The primary purpose of an organisation of any type is to create sustainable value for its stakeholders. It is generally understood that a favourable reputation is a key contributor to organisation’s ability to create sustainable value.
However, while a well-governed organisation needs, and seeks to nurture, a favourable reputation because the reputation affects the way stakeholders interact with the organisation, it is not possible to generate a reputation directly. The organisation’s reputation is created and exists solely within the minds of its stakeholders.
The various actions of the organisation and the way the organisation engages with its wider stakeholder community create perceptions in the minds of stakeholders about the organisation. These perceptions are reinforced by stakeholder-to-stakeholder communication, and the aggregate ‘weight’ of these perceptions generates the reputation.
Actions speak louder than words: most of an organisation’s reputation will be based on the actual experiences of a wide range of stakeholders and what they tell other stakeholders about these experiences and interactions, a dialogue that gets easier as various social networking tools become ever more widely used.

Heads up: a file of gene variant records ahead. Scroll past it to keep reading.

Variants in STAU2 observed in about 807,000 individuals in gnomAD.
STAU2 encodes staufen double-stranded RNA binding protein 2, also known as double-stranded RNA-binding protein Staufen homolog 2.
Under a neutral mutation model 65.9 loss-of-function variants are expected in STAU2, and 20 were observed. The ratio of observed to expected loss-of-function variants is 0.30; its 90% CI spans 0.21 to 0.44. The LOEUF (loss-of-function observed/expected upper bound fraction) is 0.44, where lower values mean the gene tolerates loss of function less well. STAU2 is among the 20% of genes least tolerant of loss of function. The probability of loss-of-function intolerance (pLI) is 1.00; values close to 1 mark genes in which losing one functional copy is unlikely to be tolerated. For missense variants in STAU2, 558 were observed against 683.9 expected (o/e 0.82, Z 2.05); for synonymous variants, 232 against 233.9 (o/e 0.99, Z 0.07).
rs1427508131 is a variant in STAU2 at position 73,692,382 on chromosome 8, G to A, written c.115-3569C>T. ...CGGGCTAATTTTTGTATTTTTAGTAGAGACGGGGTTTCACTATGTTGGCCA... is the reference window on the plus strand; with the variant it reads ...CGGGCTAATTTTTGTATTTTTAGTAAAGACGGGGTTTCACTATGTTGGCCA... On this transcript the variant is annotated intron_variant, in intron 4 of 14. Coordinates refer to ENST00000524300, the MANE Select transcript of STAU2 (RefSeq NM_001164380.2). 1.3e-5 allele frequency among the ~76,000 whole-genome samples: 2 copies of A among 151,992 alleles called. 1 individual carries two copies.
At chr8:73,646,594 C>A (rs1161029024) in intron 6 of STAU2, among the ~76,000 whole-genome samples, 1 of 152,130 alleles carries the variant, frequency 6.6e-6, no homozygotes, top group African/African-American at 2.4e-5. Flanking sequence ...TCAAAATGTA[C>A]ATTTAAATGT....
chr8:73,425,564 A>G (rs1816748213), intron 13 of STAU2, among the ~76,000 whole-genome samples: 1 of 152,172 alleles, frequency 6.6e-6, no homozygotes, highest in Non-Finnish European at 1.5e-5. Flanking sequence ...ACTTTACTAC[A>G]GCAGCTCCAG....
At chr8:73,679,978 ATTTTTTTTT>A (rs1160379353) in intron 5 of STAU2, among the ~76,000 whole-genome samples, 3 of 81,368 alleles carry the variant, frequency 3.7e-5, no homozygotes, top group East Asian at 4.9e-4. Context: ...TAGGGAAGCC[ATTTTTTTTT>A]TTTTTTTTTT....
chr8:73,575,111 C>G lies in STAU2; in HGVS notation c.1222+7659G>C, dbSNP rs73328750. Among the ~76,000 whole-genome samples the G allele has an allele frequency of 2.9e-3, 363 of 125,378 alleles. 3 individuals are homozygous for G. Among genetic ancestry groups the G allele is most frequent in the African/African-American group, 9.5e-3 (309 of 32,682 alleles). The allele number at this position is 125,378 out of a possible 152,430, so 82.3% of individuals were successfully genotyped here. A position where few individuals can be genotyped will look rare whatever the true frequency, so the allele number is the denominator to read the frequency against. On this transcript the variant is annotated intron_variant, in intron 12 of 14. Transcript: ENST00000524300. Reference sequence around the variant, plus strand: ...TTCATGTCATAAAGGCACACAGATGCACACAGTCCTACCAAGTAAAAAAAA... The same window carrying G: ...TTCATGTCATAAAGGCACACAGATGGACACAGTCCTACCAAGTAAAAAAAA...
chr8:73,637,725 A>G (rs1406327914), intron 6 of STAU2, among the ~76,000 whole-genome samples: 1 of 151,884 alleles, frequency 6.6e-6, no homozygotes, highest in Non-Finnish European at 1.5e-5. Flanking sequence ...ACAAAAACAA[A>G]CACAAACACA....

The art of governance is firstly to determine the reputation the organisation is seeking, then to create the framework within which management decisions and actions will facilitate the organisation’s interaction with its wider stakeholder community, consistent with the organisation’s communicated objectives.
An organisation’s ‘real reputation’ is not a function of advertising or smart posters and slogans, it is a function of the opinions held by thousands, if not millions of individual stakeholders fed by all of the diverse interactions, communications, social media comments and other exchanges stakeholders have with other stakeholders. Through this process of communication and reflection, the perception of a reputation is developed and stored in each individual’s mind. No two perceptions are likely to be exactly the same, but a valuable ‘weight of opinion’ will emerge for any organisation over time.
This means the relevant group of stakeholders important to the business will determine for themselves if the organisation is substantially ‘good’ or ‘bad’. And because the sheer number of stakeholder-to-stakeholder interactions, once an opinion is generally ‘held’, it is very difficult to change.
The message is simple: if you want a good reputation that enhances your business in the age of social media, it has to be genuine and earned. Why does this matter to project managers? For the simple reason almost every project has interactions with external stakeholders and every one of these exchanges will contribute to the overall perception of your organisation. Actions speak louder then words and projects are a focus of action!